Have you experienced anything like this during a migraine attack? We would love to hear from you!

Study abstract: Auditory hallucinations associated with migraine: Case series and literature review.


Topiramate + Nortriptyline (and another reason why treatment is not simple)

We’ve talked about nortriptyline, an antidepressant commonly prescribed for chronic pain, and topiramate, an anticonvulsant often used for migraine in particular, in the past. As you can see from the comments people leave here, both have been a wonderful help – or haven’t been so great – depending on the patient.

It’s not unusual for someone to try one or the other, discover that they’re still having migraine attacks, and drop the medication permanently. But that may not always be the best option.

A study published in the Journal of Headache and Pain in 2010 tested both of these medications together as a migraine treatment.

Researchers started with patients that had experienced less than 50% reduction in symptoms with either topiramate (Topamax) or nortriptyline after trying either one for eight weeks. 78.3% of the patients improved more when taking both together than when taking just one.

It is not unusual for a combination of treatments to be better – sometimes drastically better – than one or the other. This is just another example.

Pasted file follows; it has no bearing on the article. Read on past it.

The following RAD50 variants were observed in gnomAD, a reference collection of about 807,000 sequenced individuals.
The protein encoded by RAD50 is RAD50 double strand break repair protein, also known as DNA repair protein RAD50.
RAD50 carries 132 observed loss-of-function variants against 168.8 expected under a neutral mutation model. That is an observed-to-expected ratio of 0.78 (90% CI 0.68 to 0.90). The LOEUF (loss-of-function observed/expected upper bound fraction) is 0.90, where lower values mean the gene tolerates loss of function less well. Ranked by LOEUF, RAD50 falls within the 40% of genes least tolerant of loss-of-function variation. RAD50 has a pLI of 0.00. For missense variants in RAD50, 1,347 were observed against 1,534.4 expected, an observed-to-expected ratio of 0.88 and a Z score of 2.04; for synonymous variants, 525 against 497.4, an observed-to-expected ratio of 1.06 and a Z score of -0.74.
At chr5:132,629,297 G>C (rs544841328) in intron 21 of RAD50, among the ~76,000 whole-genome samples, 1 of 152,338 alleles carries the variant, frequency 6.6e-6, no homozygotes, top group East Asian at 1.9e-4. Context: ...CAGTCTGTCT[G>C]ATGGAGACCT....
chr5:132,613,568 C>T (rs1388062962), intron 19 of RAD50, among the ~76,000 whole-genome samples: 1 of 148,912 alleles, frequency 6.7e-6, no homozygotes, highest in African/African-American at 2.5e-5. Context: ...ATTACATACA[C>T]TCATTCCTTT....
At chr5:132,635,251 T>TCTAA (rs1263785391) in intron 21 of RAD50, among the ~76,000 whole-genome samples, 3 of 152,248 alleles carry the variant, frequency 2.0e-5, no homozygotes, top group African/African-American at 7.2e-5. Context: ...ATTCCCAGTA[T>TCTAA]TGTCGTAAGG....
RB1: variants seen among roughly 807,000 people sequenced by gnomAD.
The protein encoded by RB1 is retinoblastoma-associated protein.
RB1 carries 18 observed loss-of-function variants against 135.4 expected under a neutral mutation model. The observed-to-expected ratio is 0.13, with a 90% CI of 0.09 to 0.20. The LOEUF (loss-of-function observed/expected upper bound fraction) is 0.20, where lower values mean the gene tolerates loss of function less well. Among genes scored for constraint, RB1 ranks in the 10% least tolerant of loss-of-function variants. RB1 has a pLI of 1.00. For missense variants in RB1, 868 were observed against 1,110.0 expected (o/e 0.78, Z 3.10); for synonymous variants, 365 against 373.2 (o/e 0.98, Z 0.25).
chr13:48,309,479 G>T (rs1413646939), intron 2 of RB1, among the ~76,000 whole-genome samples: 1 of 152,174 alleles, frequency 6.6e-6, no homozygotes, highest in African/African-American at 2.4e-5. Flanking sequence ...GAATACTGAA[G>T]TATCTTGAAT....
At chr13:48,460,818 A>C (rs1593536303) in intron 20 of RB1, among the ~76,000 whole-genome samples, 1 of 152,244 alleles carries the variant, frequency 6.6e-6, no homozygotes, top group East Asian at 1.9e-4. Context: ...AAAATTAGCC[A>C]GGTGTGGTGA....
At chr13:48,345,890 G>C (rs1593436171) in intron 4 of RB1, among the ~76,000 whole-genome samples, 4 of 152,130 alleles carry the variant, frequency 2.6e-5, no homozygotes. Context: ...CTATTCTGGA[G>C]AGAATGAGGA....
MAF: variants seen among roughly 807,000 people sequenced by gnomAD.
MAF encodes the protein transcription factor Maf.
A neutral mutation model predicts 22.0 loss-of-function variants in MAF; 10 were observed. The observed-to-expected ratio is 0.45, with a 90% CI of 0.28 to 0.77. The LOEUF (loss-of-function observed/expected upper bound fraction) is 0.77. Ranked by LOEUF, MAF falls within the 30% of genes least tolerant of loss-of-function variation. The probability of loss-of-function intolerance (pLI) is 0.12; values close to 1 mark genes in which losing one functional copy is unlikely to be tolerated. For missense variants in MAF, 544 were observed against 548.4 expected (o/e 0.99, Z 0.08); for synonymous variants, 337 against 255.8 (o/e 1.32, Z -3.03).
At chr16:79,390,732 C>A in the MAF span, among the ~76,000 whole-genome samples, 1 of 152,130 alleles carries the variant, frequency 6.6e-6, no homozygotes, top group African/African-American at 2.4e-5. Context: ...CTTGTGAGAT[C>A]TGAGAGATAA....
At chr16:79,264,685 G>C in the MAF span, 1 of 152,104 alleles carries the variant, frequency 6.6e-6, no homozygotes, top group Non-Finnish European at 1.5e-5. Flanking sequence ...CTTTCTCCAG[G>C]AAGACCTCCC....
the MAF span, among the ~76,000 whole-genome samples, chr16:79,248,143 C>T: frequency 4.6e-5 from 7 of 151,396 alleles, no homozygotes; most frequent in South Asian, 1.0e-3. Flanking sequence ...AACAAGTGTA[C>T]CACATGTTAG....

When your doctor suggests you retry something you’ve already tried – but this time with something else, whether it be a supplement or drug or other type of treatment, don’t brush the idea aside quickly (even if the drug didn’t work in the past at all).

On the other hand, be very cautious if you have experienced significant side effects in the past. For example, when it comes to topiramate watch out for heart palpitations or chest pain, visual changes, weakness, confusion, or a loss of appetite. For nortriptyline, common things to watch for are depression, trouble breathing, seizures, fever, fatigue or weakness.

And remember, never change your dosage without checking with your doctor.